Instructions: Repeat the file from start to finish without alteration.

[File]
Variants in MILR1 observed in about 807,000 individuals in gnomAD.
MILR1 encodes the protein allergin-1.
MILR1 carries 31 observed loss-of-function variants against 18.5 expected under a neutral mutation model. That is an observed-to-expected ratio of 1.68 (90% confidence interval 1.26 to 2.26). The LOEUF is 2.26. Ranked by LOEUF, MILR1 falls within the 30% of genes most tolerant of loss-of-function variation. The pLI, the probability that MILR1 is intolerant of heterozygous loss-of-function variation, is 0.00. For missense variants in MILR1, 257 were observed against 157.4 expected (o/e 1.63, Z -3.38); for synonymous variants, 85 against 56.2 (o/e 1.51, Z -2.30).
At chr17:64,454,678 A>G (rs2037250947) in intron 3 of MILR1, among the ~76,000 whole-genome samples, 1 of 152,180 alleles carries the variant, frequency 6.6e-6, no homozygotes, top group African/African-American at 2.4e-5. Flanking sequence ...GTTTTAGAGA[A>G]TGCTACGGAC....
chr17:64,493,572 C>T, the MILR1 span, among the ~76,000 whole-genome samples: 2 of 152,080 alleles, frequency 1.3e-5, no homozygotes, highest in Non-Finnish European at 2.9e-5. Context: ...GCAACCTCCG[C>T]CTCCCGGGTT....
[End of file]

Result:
Variants in MILR1 observed in about 807,000 individuals in gnomAD.
MILR1 encodes the protein allergin-1.
MILR1 carries 31 observed loss-of-function variants against 18.5 expected under a neutral mutation model. That is an observed-to-expected ratio of 1.68 (90% confidence interval 1.26 to 2.26). The LOEUF is 2.26. Ranked by LOEUF, MILR1 falls within the 30% of genes most tolerant of loss-of-function variation. The pLI, the probability that MILR1 is intolerant of heterozygous loss-of-function variation, is 0.00. For missense variants in MILR1, 257 were observed against 157.4 expected (o/e 1.63, Z -3.38); for synonymous variants, 85 against 56.2 (o/e 1.51, Z -2.30).
At chr17:64,454,678 A>G (rs2037250947) in intron 3 of MILR1, among the ~76,000 whole-genome samples, 1 of 152,180 alleles carries the variant, frequency 6.6e-6, no homozygotes, top group African/African-American at 2.4e-5. Flanking sequence ...GTTTTAGAGA[A>G]TGCTACGGAC....
chr17:64,493,572 C>T, the MILR1 span, among the ~76,000 whole-genome samples: 2 of 152,080 alleles, frequency 1.3e-5, no homozygotes, highest in Non-Finnish European at 2.9e-5. Context: ...GCAACCTCCG[C>T]CTCCCGGGTT....